In the first chapter of Lifeboats, Kit faces the impossible. Intrigued? Then it’s time for Mark to read Young Wizards.
Oh, cousins, what have you gotten me into this time?
There is a terrible sense of grandeur to the opening of this book, one that filled me with dread. (And unless I’m told otherwise, I’m considering this a novel. It’s way too long to be a novella. I AM ALSO NOT COMPLAINING.) That is an incredible thing to pull off in less than five pages, but I’m not surprised. Duane has been mixing the impossible and the fantastical for this entire series. All of the previous books had something in them that was larger-than-life, something that was frightening and awe-inspiring. There was that alternate view of Manhattan, and there was the Deep. There was the planet of mobiles and the Pullulus.
I’m simultaneously gaining a further appreciation for Duane’s work as I’m making this very sudden transition to being an actual author myself. You’ve probably noticed me talking more about my own writing over the last couple years, and it mostly came from a desire to be open about what this whole process feels like. I’ve wanted y’all to be a part of that process because I hope to help inspire anyone who feels like they want to write, but might not the encouragement. I say all this because I am now discovering just how hard it is to combine genres. There’s the marketing aspect, which isn’t something I’m going to have to deal with for a while, but it is on my mind. How exactly does a publisher promote books that straddle the line between two genres of writing? (I am actually curious if y’all recall seeing ads or promotions for these books. What were they like? Did they seem to lean on the fantasy elements or the science fiction ones?)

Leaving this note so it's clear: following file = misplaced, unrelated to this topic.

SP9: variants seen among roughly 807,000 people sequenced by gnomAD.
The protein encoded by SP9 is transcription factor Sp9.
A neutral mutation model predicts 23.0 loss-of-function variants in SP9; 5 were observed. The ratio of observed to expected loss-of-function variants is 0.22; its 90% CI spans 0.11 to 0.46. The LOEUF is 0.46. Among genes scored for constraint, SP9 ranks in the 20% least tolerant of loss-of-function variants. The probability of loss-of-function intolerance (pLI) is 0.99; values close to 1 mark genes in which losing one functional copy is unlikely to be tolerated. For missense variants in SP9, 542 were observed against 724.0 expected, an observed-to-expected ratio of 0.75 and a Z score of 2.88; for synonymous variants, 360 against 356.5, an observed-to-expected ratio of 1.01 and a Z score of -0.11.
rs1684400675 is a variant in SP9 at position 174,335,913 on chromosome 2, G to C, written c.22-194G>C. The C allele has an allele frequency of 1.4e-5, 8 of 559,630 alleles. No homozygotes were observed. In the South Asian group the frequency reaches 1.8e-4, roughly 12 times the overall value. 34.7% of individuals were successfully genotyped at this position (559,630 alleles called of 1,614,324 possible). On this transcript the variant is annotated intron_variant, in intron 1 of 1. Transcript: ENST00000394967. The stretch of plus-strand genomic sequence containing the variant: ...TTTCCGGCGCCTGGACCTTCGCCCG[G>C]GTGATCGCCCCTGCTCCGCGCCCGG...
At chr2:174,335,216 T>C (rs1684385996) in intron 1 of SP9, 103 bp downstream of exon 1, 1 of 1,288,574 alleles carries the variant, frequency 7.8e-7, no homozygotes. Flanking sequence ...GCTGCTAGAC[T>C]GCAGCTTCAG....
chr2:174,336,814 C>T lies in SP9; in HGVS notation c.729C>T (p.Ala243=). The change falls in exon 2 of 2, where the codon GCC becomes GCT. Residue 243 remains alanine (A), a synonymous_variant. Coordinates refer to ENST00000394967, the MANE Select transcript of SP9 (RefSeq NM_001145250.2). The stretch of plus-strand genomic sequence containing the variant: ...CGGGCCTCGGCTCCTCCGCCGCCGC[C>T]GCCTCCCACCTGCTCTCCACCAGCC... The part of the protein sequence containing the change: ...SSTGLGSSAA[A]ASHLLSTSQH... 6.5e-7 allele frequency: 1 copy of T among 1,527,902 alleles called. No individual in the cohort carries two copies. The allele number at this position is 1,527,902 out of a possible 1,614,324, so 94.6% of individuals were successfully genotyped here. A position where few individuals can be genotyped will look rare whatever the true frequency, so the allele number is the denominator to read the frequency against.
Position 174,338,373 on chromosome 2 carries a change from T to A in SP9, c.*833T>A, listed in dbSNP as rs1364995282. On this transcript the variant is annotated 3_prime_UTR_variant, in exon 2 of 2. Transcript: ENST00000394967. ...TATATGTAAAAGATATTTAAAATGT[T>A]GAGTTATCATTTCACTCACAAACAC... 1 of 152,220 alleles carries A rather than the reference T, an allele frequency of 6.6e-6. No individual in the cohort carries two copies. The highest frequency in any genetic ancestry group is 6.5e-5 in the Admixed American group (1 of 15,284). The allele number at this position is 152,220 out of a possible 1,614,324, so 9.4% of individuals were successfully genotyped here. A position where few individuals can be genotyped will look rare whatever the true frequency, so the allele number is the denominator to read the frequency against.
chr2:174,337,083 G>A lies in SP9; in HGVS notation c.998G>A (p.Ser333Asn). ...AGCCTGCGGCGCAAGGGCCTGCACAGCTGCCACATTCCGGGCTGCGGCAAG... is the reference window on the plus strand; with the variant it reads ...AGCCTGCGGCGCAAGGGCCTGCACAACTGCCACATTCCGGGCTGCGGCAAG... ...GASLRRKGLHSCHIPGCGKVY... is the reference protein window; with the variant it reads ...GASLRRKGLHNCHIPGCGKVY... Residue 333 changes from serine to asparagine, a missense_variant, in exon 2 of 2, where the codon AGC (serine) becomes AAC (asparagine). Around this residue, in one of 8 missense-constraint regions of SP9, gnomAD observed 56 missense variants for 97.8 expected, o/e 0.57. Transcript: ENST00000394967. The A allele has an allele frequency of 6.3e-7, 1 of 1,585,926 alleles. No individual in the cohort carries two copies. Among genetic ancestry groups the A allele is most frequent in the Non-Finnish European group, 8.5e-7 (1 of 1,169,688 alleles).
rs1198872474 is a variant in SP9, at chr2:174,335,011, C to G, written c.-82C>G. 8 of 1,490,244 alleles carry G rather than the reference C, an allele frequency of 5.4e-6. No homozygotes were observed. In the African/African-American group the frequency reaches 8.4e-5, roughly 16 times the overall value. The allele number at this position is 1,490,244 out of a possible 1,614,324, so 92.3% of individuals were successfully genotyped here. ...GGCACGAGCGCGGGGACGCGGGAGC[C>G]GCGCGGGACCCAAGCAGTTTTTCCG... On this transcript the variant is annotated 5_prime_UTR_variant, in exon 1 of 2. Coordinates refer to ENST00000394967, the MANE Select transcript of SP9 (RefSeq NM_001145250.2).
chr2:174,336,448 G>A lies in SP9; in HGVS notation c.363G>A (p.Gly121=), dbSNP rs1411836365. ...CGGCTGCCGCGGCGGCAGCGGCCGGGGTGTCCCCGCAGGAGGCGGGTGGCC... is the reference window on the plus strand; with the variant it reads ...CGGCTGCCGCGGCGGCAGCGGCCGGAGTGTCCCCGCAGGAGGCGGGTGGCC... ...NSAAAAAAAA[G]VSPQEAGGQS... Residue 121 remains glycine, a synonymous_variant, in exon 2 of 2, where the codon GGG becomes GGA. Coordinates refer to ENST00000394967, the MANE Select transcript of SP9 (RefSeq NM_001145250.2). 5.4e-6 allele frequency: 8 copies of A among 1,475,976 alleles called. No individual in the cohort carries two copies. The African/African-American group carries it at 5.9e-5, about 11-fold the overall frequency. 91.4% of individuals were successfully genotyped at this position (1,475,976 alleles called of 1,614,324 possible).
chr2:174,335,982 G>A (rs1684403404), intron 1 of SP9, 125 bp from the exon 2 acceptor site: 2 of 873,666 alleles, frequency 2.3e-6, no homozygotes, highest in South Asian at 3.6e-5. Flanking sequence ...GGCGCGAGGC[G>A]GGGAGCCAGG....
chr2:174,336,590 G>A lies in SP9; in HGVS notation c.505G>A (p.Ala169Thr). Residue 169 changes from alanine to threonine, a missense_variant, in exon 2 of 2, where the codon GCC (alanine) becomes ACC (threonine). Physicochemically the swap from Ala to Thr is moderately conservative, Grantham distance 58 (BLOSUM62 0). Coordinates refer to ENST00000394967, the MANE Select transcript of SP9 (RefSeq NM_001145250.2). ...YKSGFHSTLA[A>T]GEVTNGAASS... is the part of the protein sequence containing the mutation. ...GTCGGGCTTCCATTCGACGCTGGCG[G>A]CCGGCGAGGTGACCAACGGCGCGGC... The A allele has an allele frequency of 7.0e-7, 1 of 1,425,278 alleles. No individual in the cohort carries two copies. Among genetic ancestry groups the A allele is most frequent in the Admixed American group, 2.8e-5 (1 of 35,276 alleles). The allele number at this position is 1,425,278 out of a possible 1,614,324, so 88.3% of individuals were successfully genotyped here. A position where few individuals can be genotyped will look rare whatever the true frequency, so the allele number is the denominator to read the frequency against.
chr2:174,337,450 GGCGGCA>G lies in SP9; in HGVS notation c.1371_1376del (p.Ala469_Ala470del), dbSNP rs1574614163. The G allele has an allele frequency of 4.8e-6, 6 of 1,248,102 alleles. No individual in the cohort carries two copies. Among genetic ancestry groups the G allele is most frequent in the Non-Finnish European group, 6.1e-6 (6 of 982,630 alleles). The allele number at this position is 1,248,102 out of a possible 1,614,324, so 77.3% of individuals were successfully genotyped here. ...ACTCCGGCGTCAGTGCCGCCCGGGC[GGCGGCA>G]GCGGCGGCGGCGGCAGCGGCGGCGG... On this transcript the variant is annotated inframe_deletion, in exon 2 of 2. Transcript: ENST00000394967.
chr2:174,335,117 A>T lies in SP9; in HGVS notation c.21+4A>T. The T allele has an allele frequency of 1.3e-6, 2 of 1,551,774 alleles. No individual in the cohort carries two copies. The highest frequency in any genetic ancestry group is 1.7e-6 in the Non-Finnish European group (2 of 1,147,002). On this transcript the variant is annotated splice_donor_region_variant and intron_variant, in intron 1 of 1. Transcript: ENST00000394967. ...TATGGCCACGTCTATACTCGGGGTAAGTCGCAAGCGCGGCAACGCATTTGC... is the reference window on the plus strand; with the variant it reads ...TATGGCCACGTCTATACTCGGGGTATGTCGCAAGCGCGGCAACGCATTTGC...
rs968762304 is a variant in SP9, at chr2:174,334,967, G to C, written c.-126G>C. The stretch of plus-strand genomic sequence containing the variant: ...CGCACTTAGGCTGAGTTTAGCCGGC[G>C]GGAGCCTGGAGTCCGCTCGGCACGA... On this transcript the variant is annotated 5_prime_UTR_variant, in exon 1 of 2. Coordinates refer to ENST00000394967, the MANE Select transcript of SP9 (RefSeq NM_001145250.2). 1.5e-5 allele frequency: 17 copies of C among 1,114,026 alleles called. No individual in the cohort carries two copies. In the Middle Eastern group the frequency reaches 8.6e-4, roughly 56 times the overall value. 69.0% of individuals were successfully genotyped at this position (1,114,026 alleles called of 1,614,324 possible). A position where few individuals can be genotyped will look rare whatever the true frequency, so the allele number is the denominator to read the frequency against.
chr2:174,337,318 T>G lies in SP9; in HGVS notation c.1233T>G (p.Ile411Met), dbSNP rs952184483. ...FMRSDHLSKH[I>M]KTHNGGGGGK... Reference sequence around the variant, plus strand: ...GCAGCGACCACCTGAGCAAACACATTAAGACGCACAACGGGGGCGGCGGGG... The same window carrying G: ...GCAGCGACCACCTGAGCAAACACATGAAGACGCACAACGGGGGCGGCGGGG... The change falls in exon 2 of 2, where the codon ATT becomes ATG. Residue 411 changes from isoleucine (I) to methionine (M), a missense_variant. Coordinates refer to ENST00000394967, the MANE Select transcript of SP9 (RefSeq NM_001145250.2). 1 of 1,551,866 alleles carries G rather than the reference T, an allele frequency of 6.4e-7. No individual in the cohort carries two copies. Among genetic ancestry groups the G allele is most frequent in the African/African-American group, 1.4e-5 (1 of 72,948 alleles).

But from a craft perspective, it is both freeing and frustrating to try to blur the lines. Duane seems to do this without effort, and I love how seamless this all feels. It’s a book about magic and wizards, and it is absolutely science fiction, too. Even in this opening chapter, you can see the threads that Duane is working with. We go from talk of wizardry to a hellish thing that appears to be descending into an unnamed planet, prepared to annihilate it. Is that Earth? Another world? What are those electric campfires? A metaphor or something real?
It’s certainly a creepy, unnerving image, and it’s made even worse by the apparent apathy of Kit. Why can’t he do anything? Where is everyone else? It is a brutally effective opening sequence, and it’s unlike any we’ve gotten in previous Young Wizards books. Yet it’s got that unmistakable combo of genres, and I AM JUST SO IMPRESSED OKAY. It is so hard to do! I say this because the first draft of Book #2 just might be two genres as well, but this shit is COMPLICATED.
Anyway, I’m excited to find out what the hell this is.
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